Purser's Office

Cunard's Caronia

The Green Goddess After World Ward 2, Cunard planned to build a new liner of similar proportions to RMS Mauretania of 1939. She was to be intended for the North Atlantic, but Cunard's board of directors re-purposed her for cruising. The new ship - soon to be named Caronia by Princess Elizabeth - received many different features from her Cunard White Star fleetmates. An outdoor swimming pool was a new thing, as was having a bathroom in every cabin. Unlike the Queens with three classes, Caronia would offer two classes of accommodation except during cruises when she was a one class ship.

Caronia was also painted different shades of green - a unique livery which made her recognizable in ports all around the world. The people of Liverpool nicknamed her the Green Goddess. Also her large funnel, which caught the wind easily, was one of the largest ever installed aboard a ship.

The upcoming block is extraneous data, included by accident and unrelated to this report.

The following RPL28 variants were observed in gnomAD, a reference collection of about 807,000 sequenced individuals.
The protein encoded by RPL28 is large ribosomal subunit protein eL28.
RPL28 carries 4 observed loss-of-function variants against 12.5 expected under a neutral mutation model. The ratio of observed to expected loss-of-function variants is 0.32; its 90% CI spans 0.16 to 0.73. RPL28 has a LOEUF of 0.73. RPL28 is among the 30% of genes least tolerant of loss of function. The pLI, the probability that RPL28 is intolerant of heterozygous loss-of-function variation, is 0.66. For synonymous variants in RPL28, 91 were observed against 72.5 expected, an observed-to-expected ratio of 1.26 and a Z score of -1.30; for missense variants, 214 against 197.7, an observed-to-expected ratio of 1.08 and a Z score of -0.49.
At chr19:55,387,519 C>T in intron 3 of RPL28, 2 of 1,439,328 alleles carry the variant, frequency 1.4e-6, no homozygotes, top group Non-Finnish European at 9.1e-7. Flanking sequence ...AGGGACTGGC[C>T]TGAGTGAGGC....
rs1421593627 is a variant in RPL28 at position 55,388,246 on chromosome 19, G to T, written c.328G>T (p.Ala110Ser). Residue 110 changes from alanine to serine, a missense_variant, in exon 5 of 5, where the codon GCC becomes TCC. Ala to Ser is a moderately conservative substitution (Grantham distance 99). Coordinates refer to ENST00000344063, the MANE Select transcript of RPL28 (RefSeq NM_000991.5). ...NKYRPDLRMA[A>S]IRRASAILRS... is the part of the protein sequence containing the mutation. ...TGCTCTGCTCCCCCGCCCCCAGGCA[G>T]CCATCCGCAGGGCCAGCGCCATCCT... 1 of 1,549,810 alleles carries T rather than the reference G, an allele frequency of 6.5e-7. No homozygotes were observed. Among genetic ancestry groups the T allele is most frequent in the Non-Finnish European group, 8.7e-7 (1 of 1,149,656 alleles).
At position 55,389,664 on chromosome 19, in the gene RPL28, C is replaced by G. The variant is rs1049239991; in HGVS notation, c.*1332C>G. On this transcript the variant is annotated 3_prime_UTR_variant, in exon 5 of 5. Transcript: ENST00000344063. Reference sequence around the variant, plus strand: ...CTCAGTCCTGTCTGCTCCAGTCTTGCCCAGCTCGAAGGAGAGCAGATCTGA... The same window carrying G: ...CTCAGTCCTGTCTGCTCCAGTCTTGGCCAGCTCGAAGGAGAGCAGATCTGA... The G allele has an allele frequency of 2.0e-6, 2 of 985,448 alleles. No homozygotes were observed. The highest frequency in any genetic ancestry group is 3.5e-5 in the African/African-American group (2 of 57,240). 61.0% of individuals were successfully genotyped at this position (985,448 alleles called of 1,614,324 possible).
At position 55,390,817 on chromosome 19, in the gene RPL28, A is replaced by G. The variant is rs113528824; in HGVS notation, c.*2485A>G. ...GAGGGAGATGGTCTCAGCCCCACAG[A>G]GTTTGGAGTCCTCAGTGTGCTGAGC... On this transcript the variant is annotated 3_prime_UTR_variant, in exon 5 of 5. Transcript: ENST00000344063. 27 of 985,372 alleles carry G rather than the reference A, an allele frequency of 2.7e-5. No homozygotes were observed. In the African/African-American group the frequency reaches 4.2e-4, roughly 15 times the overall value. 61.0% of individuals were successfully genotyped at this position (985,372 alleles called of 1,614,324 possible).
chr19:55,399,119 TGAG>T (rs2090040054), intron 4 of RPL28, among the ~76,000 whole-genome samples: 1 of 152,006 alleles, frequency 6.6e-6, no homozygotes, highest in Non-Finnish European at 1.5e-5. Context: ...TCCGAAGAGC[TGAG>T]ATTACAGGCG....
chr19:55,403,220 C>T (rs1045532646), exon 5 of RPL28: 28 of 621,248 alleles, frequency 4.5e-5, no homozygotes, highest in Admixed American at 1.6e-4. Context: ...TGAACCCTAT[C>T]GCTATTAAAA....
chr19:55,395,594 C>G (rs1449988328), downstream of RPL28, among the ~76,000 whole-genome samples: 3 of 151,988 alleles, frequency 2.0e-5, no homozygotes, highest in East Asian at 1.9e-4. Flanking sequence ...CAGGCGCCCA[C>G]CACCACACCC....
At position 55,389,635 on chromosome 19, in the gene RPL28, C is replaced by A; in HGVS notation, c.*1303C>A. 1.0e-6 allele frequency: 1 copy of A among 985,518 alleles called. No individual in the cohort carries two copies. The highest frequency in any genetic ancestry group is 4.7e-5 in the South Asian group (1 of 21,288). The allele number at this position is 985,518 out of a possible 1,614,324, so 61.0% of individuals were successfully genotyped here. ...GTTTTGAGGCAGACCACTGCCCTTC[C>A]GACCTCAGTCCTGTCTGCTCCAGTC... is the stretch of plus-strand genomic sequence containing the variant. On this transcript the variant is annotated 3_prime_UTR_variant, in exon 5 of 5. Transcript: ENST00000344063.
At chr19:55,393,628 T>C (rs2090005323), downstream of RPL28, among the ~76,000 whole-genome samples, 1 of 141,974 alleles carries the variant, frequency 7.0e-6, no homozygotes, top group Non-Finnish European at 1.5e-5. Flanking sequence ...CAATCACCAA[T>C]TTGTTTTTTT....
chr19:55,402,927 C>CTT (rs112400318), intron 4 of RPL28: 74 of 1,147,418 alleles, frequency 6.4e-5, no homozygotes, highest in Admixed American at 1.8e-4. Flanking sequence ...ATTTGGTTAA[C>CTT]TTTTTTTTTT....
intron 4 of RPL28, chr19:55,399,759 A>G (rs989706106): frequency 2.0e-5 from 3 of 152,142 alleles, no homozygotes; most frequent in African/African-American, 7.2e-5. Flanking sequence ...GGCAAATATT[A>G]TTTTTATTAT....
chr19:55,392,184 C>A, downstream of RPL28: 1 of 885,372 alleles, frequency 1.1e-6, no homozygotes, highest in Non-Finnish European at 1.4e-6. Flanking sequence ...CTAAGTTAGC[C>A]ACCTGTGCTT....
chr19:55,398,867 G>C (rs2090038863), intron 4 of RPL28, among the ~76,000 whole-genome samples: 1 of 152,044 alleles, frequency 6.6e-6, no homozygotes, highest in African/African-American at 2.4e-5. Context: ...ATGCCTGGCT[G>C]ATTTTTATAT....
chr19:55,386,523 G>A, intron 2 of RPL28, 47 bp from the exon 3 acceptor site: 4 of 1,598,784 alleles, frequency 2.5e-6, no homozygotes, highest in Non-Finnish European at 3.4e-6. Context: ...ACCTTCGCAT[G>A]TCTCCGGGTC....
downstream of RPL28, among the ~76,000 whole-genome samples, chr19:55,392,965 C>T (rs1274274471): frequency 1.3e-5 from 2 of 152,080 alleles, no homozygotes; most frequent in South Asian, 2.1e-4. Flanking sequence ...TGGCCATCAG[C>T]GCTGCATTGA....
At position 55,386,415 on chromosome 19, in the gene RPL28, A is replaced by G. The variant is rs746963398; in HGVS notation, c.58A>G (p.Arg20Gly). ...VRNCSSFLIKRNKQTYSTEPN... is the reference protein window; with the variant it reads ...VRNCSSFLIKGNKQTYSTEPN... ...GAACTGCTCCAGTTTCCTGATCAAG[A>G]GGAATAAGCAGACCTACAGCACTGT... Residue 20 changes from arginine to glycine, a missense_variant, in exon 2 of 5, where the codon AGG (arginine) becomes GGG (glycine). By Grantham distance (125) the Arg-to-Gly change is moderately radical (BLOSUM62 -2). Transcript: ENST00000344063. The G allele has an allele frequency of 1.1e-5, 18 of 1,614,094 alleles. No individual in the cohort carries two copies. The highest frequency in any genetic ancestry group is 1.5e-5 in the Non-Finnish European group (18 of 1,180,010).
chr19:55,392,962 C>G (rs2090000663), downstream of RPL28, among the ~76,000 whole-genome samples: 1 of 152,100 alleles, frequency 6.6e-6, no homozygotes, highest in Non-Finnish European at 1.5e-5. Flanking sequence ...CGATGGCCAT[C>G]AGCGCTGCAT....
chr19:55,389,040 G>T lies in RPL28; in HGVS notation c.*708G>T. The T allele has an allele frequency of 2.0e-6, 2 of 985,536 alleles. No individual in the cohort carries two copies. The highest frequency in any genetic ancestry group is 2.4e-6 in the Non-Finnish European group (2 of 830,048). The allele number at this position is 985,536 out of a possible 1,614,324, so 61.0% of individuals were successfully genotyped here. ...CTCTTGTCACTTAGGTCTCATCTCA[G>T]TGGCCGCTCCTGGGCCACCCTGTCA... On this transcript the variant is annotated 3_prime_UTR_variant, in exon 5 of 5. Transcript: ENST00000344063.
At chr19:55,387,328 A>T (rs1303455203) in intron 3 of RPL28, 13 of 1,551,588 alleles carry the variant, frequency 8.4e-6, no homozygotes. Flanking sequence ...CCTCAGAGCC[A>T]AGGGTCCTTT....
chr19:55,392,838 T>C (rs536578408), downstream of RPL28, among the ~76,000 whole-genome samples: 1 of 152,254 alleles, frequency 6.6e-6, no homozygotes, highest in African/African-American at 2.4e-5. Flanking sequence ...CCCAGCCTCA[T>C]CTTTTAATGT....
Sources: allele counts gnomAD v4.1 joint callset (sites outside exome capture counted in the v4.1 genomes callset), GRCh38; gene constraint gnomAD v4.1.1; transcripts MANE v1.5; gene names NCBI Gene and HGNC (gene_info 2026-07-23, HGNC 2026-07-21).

1949: on the 4th of January Caronia set on her maiden voyage from Southampton to New York. Over the years she became famous among the wealthy. Often they would book her for months at a time. It was not uncommon for them to bring, along with their trunks, their favourite furnishings, etc.The passenger list was a constant of the who's who of the society register. Indeed she would become known as the "Tiffany's of Cruising."

1966 saw continuous financial losses throughout the fleet due to increased competition from the air and labour problems, also trouble in the Middle East was seriously effecting the cost of oil fuel. Cunard was faced with some heavy choices. The following year in 1967, Cunard's famous Queen Mary made it's last voyage. Offices around the world were closed. Thousands of employees made redundant. And Caronia was sold. From 1968 - 1974 She underwent different changes and identities. Finally as the Caribia, she made her way to the breakers accross the Pacific. However it was an appointment she would not keep. While being towed, she encountered a fierce storm near Guam. After the tug's generators failed the crew were forced to cut the Caribia loose. The storm winds pushed her against Apra Harbour's breakwater, where the ship was wrecked.

One of the most comprehensive sources on the internet for Caronia can be found here.